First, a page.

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3 Citations


Open accessPosted ContentDOI: 10.1101/2021.02.26.21252327
12 Mar 2021-medRxiv
Abstract: BackgroundEmergence of more transmissible SARS-CoV-2 variants requires more efficient control measures to limit nosocomial transmission and maintain healthcare capacities during pandemic waves. Yet, the relative importance of different strategies is unknown. MethodsWe developed an agent-based model and compared the impact of personal protective equipment (PPE), screening of healthcare workers (HCWs), contact tracing of symptomatic HCWs, and restricting HCWs from working in multiple units (HCW cohorting) on nosocomial SARS-CoV-2 transmission. The model was fit on hospital data from the first wave in the Netherlands (February until August 2020) and assumed that HCWs used 90% effective PPE in COVID-19 wards and self-isolated at home for seven days immediately upon symptom onset. Intervention effects on the effective reproduction number (RE), HCW absenteeism and the proportion of infected individuals among tested individuals (positivity rate) were estimated for a more transmissible variant. ResultsIntroduction of a variant with 56% higher transmissibility increased - all other variables kept constant - RE from 0.4 to 0.65 (+63%) and nosocomial transmissions by 303%, mainly because of more transmissions caused by pre-symptomatic patients and HCWs. Compared to baseline, PPE use in all hospital wards (assuming 90% effectiveness) reduced RE by 85% and absenteeism by 57%. Screening HCWs every three days with perfect test sensitivity reduced RE by 67%, yielding a maximum test positivity rate of 5%. Screening HCWs every three or seven days assuming time-varying test sensitivities reduced RE by 9% and 3%, respectively. Contact tracing reduced RE by at least 32% and achieved higher test positivity rates than screening interventions. HCW cohorting reduced RE by 5%. Sensitivity analyses for 50% and 70% effectiveness of PPE use did not change interpretation. ConclusionsIn response to the emergence of more transmissible SARS-CoV-2 variants, PPE use in all hospital wards might still be most effective in preventing nosocomial transmission. Regular screening and contact tracing of HCWs are also effective interventions, but critically depend on the sensitivity of the diagnostic test used.

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2 Citations


Open accessJournal ArticleDOI: 10.1186/S12916-021-02060-Y
27 Aug 2021-BMC Medicine
Abstract: Emergence of more transmissible SARS-CoV-2 variants requires more efficient control measures to limit nosocomial transmission and maintain healthcare capacities during pandemic waves. Yet the relative importance of different strategies is unknown. We developed an agent-based model and compared the impact of personal protective equipment (PPE), screening of healthcare workers (HCWs), contact tracing of symptomatic HCWs and restricting HCWs from working in multiple units (HCW cohorting) on nosocomial SARS-CoV-2 transmission. The model was fit on hospital data from the first wave in the Netherlands (February until August 2020) and assumed that HCWs used 90% effective PPE in COVID-19 wards and self-isolated at home for 7 days immediately upon symptom onset. Intervention effects on the effective reproduction number (RE), HCW absenteeism and the proportion of infected individuals among tested individuals (positivity rate) were estimated for a more transmissible variant. Introduction of a variant with 56% higher transmissibility increased — all other variables kept constant — RE from 0.4 to 0.65 (+ 63%) and nosocomial transmissions by 303%, mainly because of more transmissions caused by pre-symptomatic patients and HCWs. Compared to baseline, PPE use in all hospital wards (assuming 90% effectiveness) reduced RE by 85% and absenteeism by 57%. Screening HCWs every 3 days with perfect test sensitivity reduced RE by 67%, yielding a maximum test positivity rate of 5%. Screening HCWs every 3 or 7 days assuming time-varying test sensitivities reduced RE by 9% and 3%, respectively. Contact tracing reduced RE by at least 32% and achieved higher test positivity rates than screening interventions. HCW cohorting reduced RE by 5%. Sensitivity analyses show that our findings do not change significantly for 70% PPE effectiveness. For low PPE effectiveness of 50%, PPE use in all wards is less effective than screening every 3 days with perfect sensitivity but still more effective than all other interventions. In response to the emergence of more transmissible SARS-CoV-2 variants, PPE use in all hospital wards might still be most effective in preventing nosocomial transmission. Regular screening and contact tracing of HCWs are also effective interventions but critically depend on the sensitivity of the diagnostic test used.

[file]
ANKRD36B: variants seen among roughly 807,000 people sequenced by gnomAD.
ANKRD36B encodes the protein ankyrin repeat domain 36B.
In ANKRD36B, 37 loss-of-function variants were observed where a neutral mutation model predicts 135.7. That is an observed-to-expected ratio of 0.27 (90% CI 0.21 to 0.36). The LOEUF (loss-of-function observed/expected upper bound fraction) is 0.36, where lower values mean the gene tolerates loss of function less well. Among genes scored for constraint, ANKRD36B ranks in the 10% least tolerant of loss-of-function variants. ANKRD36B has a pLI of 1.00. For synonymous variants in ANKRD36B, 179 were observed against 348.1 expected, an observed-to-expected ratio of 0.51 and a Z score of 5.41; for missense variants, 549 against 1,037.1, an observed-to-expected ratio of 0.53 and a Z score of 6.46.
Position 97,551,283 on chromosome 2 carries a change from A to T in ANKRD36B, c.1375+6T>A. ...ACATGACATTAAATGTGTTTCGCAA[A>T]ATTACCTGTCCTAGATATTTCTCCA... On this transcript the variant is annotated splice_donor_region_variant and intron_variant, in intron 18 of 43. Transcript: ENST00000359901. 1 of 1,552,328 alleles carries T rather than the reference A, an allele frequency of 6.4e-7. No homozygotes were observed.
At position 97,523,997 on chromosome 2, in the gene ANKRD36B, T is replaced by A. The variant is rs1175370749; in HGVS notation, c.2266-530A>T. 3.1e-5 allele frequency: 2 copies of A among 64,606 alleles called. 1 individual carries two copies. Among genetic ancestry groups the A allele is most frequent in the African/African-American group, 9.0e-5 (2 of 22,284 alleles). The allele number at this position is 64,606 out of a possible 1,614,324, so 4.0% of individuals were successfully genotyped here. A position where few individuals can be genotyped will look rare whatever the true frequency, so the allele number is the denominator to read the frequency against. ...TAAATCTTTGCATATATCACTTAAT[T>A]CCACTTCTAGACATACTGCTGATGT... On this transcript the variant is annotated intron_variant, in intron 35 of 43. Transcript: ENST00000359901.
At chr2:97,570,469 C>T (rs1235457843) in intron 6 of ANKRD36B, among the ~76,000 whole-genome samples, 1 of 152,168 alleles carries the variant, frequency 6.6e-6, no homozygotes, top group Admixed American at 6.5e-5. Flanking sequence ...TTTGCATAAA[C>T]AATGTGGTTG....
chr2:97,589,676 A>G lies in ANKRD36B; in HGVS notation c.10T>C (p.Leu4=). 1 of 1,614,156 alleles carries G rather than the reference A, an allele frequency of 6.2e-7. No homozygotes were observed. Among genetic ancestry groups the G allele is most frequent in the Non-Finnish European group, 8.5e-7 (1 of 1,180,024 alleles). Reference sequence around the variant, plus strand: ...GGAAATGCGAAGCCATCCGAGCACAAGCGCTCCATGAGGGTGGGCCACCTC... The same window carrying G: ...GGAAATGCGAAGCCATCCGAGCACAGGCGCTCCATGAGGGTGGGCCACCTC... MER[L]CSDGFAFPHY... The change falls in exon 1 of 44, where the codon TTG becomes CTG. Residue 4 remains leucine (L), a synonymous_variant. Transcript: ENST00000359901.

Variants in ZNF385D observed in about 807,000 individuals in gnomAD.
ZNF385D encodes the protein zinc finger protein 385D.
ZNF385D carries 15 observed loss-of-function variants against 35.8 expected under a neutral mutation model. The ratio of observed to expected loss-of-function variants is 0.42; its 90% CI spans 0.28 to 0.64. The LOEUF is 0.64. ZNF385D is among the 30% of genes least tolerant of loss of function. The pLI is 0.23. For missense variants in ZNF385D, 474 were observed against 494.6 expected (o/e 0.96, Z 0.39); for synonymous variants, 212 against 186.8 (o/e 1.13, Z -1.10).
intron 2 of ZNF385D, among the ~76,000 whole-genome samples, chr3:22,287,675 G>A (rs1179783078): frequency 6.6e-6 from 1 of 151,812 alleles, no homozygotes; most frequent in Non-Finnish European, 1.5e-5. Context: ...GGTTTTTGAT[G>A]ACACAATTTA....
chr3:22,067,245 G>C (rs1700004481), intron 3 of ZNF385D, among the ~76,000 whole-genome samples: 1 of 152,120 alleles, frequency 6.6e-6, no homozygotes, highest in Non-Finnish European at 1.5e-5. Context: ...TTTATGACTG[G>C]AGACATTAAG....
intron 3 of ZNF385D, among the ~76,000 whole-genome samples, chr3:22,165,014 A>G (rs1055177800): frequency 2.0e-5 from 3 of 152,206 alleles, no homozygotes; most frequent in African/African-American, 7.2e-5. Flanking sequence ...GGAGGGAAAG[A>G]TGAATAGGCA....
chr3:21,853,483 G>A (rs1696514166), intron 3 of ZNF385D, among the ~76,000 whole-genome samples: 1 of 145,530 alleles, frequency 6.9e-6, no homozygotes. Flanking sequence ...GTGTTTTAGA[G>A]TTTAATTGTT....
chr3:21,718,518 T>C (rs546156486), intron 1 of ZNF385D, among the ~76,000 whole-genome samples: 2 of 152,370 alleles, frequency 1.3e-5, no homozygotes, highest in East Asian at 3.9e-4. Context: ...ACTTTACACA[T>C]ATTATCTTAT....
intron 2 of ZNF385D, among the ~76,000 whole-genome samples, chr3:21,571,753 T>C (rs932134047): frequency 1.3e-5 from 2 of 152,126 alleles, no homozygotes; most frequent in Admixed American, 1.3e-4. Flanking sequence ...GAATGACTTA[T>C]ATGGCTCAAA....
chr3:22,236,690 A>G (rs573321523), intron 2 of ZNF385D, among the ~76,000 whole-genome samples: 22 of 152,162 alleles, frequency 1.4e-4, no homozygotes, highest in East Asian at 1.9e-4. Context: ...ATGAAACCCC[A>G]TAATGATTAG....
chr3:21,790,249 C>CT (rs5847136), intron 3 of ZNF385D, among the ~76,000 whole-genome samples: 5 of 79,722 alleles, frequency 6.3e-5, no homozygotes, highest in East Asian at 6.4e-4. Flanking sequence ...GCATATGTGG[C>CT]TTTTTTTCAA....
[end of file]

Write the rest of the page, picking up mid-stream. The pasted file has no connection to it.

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1 Citations


Open accessJournal ArticleDOI: 10.3390/IJERPH18157847
Carolyn Ingram1, Vicky Downey1, Mark Roe1, Yanbing Chen1  +11 moreInstitutions (1)